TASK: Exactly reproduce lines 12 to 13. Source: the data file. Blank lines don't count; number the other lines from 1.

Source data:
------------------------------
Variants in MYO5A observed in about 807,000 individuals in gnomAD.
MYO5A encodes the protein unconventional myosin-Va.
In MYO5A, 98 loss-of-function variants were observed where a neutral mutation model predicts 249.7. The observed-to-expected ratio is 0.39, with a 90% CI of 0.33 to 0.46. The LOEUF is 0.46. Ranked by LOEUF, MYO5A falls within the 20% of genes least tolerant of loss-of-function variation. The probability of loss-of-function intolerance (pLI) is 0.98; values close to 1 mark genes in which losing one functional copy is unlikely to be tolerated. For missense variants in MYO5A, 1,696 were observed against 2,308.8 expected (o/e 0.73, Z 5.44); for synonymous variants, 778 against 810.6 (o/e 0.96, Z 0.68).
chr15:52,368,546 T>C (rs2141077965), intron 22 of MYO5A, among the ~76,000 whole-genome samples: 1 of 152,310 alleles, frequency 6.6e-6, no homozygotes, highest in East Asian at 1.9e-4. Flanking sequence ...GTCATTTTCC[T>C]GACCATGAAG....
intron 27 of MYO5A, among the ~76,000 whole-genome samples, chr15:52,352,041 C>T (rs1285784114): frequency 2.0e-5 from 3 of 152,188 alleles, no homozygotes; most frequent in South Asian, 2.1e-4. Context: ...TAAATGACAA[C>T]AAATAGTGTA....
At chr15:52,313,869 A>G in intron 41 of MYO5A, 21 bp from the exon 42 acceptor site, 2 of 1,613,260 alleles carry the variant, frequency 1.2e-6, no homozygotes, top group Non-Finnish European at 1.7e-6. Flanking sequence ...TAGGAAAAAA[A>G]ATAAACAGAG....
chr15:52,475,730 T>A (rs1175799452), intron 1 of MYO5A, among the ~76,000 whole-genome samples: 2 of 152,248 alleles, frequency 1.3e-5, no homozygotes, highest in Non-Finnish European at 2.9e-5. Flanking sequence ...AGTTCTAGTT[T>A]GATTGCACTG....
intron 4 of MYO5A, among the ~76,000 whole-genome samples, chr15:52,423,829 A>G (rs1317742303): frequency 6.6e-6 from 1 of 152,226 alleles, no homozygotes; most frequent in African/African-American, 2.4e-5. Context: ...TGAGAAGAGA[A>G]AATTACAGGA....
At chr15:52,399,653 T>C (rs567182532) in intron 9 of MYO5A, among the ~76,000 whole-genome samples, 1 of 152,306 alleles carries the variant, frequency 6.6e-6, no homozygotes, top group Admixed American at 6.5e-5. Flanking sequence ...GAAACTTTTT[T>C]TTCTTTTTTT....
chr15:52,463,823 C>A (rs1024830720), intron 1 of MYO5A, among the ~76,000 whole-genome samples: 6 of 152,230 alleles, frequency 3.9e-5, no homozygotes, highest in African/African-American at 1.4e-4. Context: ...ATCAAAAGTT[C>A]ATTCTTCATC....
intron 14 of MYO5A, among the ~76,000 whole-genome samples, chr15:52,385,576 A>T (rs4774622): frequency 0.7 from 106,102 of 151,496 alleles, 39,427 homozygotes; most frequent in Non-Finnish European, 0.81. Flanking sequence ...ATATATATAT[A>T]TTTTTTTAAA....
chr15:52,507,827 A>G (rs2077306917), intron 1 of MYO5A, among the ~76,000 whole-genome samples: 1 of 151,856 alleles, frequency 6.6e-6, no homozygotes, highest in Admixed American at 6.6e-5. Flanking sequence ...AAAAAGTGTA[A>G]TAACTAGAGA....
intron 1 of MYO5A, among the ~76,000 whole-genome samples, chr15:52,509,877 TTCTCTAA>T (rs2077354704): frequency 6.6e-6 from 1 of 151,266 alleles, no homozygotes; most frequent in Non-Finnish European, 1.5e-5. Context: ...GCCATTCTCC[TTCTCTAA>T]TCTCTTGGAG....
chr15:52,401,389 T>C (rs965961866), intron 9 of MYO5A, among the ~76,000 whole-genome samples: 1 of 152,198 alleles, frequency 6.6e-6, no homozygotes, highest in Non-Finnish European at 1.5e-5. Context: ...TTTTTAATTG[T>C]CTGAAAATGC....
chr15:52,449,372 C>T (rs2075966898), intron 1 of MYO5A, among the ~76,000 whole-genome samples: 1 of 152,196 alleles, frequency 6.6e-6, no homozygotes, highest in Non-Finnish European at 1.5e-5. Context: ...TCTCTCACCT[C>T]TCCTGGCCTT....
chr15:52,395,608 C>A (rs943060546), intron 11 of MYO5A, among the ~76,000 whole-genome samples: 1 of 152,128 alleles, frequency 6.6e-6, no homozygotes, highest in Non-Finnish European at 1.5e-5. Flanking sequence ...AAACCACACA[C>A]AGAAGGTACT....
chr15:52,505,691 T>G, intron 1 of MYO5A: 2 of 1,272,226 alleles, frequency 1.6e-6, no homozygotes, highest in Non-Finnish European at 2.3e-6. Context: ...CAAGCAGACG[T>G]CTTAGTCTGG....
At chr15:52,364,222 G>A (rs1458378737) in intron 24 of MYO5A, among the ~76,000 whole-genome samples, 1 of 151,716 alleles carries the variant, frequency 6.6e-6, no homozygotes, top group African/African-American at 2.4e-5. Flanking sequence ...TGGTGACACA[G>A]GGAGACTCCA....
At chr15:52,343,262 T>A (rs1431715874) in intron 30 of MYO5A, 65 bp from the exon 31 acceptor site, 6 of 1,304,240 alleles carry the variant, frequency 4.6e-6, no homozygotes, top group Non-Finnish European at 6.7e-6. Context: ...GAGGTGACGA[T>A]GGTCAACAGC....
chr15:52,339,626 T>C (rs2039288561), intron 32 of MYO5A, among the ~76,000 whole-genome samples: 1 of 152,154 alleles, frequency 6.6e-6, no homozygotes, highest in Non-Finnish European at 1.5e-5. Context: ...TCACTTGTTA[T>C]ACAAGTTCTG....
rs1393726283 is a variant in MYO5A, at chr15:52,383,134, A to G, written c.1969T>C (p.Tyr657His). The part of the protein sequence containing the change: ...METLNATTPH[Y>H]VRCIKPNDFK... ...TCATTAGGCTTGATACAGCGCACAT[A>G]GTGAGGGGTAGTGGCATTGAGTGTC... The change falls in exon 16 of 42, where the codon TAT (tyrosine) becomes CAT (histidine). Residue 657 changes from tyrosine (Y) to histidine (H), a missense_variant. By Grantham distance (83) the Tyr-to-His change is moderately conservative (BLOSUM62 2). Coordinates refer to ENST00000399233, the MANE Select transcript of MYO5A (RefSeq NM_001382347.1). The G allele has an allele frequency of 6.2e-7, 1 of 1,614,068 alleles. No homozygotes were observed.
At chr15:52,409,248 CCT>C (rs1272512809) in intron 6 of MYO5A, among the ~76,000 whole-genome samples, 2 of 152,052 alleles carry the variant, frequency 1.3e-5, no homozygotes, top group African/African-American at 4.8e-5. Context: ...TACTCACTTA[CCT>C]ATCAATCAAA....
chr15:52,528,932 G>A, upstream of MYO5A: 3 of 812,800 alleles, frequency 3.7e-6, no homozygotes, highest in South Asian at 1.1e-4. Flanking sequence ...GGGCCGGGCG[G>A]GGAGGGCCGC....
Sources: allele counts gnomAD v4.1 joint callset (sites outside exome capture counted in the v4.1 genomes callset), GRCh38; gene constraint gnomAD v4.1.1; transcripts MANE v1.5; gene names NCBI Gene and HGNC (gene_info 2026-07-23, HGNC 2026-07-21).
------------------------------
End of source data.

chr15:52,507,827 A>G (rs2077306917), intron 1 of MYO5A, among the ~76,000 whole-genome samples: 1 of 151,856 alleles, frequency 6.6e-6, no homozygotes, highest in Admixed American at 6.6e-5. Flanking sequence ...AAAAAGTGTA[A>G]TAACTAGAGA....
intron 1 of MYO5A, among the ~76,000 whole-genome samples, chr15:52,509,877 TTCTCTAA>T (rs2077354704): frequency 6.6e-6 from 1 of 151,266 alleles, no homozygotes; most frequent in Non-Finnish European, 1.5e-5. Context: ...GCCATTCTCC[TTCTCTAA>T]TCTCTTGGAG....